Buddhism, the national religion, is the professed faith of 95 percent of the
population. Islam, Christianity. Hinduism, and others are embraced by ihe rest of the population. There is absolute religious
freedom. The King of Thailand, under the
constitution and in practice, is pairon of all major religions embraced by the people.
History of Buddhism
Theravada Buddhism, is the state religion and the majority of
Thai people are Buddhists.
However, the freedom of worship has been enshrined in every constitution of the
Kingdom since 1932. It has provided that a person shall have complete freedom to profess any religion,
denomination or doctrine, and shall have freedom to praciise any religious rites in accordance with his belief except in
so far as they are inconsistent with his mind. duties as a citizen or incompatible with public order and good murals. Besides,
the constitution affirms that the state shall not deprive a person of any right or benefit to which he is entitled by
reason of the fact that he professes or practises a religion different from that of others. In practice, the Thai government
has accorded people not only religious freedom but also full support to their faiths. The state deems the patronage of
religion as one of its affairs. Moreover, under the constitution the king is obliged to be a Buddhist and the Upholder of Religion.
Wat Srichum in
Sukhothai, Thailand's first capital
Buddhism teaches that one's life does not begin wilh birth and end with deaih but is a link
in a chain of lives, each conditioned by volitional acts (karma) committed in previous existences.
The concept of karma, the law of cause and effect, suggests that selfishness and craving result in suffering. Conversely.
compassion and love bring happiness and well-being. Therefore, only by
eliminating desire can one find peace of The ideal Buddhist aspiration is
to attain perfection through Nirvana (Nibbhana), an indescribable, immutable
state unconditioned by desire, suffering, or further rebirth, in which a person simply is. yet is completely at one with his surroundings.
After its introduction into Thailand, Buddhism gained wide acceptance because its emphasis on tolerance and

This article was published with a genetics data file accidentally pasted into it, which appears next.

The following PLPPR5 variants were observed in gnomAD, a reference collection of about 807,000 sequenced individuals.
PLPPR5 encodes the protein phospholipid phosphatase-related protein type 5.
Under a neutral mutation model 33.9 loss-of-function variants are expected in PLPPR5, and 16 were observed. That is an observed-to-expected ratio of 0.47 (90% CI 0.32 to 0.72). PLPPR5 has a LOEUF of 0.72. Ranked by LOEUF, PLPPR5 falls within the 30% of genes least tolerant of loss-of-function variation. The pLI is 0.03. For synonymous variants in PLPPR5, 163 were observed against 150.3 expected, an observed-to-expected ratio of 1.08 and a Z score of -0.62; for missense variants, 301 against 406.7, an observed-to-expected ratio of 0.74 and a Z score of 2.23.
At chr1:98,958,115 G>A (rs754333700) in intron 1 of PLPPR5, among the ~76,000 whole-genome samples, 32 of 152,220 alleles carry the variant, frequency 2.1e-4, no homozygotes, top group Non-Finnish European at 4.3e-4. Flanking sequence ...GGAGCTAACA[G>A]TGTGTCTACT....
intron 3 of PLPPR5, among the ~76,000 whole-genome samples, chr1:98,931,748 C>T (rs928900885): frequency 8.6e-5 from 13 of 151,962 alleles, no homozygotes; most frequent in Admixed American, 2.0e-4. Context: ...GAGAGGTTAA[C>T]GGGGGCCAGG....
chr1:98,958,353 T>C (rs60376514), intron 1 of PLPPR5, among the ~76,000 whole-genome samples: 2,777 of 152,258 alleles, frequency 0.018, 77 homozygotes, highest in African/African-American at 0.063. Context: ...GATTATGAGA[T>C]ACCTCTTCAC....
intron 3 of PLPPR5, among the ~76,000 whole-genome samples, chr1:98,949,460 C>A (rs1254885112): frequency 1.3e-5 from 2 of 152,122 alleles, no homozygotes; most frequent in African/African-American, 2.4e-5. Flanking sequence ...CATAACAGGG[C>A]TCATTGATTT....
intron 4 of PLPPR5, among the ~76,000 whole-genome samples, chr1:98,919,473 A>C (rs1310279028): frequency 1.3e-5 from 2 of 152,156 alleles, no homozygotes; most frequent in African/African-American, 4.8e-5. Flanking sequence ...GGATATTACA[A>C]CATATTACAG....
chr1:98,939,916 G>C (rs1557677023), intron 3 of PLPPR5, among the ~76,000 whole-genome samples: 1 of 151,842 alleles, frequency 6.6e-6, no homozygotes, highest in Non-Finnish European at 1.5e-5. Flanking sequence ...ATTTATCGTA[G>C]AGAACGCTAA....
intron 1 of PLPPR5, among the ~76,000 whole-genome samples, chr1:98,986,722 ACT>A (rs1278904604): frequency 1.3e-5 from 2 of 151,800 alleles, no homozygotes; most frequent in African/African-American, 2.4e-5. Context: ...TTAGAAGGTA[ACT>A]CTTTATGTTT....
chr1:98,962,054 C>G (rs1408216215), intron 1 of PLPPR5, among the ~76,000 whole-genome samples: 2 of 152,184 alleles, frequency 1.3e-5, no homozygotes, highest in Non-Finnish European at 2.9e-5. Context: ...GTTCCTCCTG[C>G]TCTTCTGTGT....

individual initiative complemented the Thais'cherished sense of inner freedom. Fundamentally. Buddhism is an empirical
way oflife. Free of dogma, it is a flexible moral, ethical, and philosophical framework within which people finii room to
fashion their own salvation.
While Thailand has encountered several crises through the centuries, Buddhism has never even once suffered
any ill fate in this country. On the contrary. it has flourished here from the earliest limes. It has had a profound
influence over the Thai arts, culture, tradition, and learning; more important still, it has dominated the character of
the vast majority ot" the Thai people.
Buddhist way of life is an integral
part ol' national life. Today 94 percent
of the whole population are Buddhists,
about 4 percent are Muslims, 1 percent
are Christians, and the remainder are
Brahmins, Hindus, Sikhs, and others.
The Administration of the Sangha
Although the ecclesiastical authority
of the Sangha, or the Buddhisi Order,
rests with an administrative body in the
Sangha itself, the government is also
responsible for (he affairs of the Sangha.
But it confines its responsibility only for
the matters connected with the state and laity.
Its aim is to promote unity and
joint action between the Sangha and the
state, and to provide a channel through
which the Sangha can communicate
wilh government authorities. In reality,
there has always been harmonious
cooperation between the Sangha and
Because the prosperity
or stagnation of the Sangha
depends mainly on its administration. the system of
administering the Sangha claims the
first and foremost attention.
In former days, the King of Thailand, as the Upholder
of Religion, regulated and supervised the Sangha himself, As the Sangha became
bigger and better established with a large body of learned bhikkhus,
it became more autonomous because the
king let it run its own affairs through an
administrative body called the "Thera".
However, to achieve perfeci harmony
between the Sangha and the state, the
"consiilulion" of the Sangha, which consists of a series of laws, was enacted by
the state. Furthermore, the state sees that
the constitution will go well with these
laws, and has from time to time brought them up to date.
The laws relating to the Sangha that have been passed are :
(a) The Administration of the Sangha Act, 1903;
(b) The Sangha Act of 1941;
(c) The Sangha Act of 1962; and
(d) The Sangha Act of 1992.
Under the Sangha Act of 1941, the organization of the Sangha was patterned
after the parliamentary government
adopted by the state. The doctrine of the
separation of powers was applied and
the balance of powers was designed to
be attained by checks and balances
between the three organs of the Sangha.
namely, the Sangha Sahha as the legislature, the Sangha Mont" as the executive,
and the Binayadhara as the judiciary.
Although the system worked with some
degree of success, a discordant note
sounded in some quarters to the effect